Step 4: Put the Links Back Together
Now that the chain is in five link sections you want to join the two ends to make a small circle.
Line up the opposite ends place on a hard surface and hammer the pin back in place to complete the circle.
Alternately you could use the wrench to push the pin back or put the other side of the chain in the chain breaker and push the pin back in. Hammering was much faster and statisfying.
Step 5: Make a Jig to Hold the Shape
The circle of bicycle chain is pretty hard to mold into the star shape without some assistance. I came up with the idea to build a jig out of scrap lumber and some finishing nails. Use five finishing nails (the ones without heads) so you can slide the chain in and out.
To make the jig put the first chain into the star pattern. Put a nail in all five corners of the star shape so it is held tightly in there. You may need to bend the nails to adjust the fit, but make sure the chain is held tight so all sides are even.
I built two more jigs to hold a total of three stars. The jig only has to be made once and will save time when making the star shape.
Step 6: Glue the Chain Links
Now that you have the chain in the star shape you want it to stay that way. I found that super glue on the interior plates of the chain works particularly well. By the time the third star is glued, the first one is likely dry so you can remove the star.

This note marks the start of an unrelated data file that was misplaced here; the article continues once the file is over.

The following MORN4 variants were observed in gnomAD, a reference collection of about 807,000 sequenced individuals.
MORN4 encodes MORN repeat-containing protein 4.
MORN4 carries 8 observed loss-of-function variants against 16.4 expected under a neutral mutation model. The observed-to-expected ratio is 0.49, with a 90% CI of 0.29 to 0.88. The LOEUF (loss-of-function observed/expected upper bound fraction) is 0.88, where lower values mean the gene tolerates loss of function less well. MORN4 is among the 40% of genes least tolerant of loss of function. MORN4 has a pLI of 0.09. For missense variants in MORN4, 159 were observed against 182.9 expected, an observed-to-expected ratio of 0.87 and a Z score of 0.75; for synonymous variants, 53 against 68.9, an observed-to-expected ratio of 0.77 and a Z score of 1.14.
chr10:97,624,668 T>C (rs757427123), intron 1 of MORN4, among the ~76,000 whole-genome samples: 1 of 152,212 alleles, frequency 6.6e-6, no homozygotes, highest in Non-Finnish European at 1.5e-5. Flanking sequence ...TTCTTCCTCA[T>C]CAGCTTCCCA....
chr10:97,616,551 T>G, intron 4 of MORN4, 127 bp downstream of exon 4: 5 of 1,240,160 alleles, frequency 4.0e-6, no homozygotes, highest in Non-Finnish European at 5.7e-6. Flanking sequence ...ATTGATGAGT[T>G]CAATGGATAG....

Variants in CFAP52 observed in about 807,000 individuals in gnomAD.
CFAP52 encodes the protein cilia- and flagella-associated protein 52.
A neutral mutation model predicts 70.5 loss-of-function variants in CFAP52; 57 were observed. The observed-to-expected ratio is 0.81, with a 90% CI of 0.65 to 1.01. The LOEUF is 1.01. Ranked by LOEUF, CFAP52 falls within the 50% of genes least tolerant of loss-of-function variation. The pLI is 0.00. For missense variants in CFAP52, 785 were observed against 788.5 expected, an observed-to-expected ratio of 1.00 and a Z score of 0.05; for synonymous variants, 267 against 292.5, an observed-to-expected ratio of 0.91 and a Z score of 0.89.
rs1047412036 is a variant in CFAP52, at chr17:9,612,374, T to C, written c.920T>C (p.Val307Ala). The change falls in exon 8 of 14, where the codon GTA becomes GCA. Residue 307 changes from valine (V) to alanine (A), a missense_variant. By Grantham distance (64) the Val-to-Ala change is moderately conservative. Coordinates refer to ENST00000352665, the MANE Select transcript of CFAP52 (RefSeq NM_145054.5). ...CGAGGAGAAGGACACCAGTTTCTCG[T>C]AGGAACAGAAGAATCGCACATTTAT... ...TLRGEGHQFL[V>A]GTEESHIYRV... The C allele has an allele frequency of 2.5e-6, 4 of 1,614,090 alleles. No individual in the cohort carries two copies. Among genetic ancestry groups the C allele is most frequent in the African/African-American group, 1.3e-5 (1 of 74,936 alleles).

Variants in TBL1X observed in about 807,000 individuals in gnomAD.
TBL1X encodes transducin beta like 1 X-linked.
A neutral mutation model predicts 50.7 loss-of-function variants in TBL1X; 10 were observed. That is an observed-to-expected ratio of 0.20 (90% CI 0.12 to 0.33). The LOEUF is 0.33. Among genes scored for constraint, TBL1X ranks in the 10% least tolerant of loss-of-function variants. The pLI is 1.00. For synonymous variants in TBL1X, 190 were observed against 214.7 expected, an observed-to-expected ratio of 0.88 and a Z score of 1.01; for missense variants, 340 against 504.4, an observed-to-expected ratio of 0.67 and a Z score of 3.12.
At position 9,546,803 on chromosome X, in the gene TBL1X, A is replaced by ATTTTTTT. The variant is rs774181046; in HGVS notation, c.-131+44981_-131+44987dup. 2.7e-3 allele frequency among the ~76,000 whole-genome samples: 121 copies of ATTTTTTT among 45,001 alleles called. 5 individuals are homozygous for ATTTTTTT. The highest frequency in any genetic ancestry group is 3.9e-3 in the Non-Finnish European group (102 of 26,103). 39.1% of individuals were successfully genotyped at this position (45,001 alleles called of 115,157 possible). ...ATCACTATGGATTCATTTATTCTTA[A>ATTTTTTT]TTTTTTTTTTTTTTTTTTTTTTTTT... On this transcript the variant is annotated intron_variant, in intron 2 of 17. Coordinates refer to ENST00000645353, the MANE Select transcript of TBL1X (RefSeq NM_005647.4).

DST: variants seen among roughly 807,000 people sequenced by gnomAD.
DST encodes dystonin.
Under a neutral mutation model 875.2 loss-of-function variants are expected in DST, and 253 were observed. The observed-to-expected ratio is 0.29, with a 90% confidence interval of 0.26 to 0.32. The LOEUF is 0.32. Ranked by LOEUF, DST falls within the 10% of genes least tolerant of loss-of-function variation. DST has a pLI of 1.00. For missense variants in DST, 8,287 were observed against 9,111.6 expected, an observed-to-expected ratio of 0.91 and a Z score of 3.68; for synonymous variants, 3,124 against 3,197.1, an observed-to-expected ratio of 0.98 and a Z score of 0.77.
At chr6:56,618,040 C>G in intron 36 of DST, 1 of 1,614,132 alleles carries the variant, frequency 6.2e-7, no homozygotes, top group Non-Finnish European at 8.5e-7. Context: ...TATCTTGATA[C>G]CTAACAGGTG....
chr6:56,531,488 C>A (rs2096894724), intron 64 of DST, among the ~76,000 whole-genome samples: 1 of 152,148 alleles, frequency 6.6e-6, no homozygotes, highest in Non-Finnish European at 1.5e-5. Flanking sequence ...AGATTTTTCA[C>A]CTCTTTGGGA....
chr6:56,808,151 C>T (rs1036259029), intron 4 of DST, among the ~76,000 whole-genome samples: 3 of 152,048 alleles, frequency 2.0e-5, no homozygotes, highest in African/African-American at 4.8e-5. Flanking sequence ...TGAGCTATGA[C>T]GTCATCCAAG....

Be careful not to glue the chain to the jig or the board. You only need a little bit of super glue on the interior plates and that holds the shape very well. Add glue where necessary always on the interior links.
Step 7: Assemble!
Remove the stars from the jig when the glue is dry and repeat the cutting, joining, and gluing steps until you have made all the stars you want.
The final step is to put the wire hanger inside the chain and bend it closed. The silver wire hooks can be found at the big box stores for hanging regular ornaments. The ornament hooks are cheap and work well in this application.
I have seen other people paint the stars, that is up to you. I am giving mine as gifts to my friends who ride bicycles so I think they would prefer to see the raw chain.
If you make some of these ornaments please post comments below. I would love to see how yours turn out and if you have any improvements to the process.
One of the comments was to create alternate shapes. By adding one link for a total of six full links you can get a shape similar to the star of david. By removing one link for a total of four links you can get a different star. I also created a triangle shape with a total of three links. Check out the pictures and get creative on the shape design.
Thanks for reading, now go out and ride your bike!
Bikes can be ridden even in the winter!
Step 8: Paint the Ornaments (optional)
Here is what I used to paint the ornaments:
- Acrylic paint
- Small paint brushes
- Something to protect your table (I used tin foil)
- A plastic lid to hold some of the paint
Second Prize in the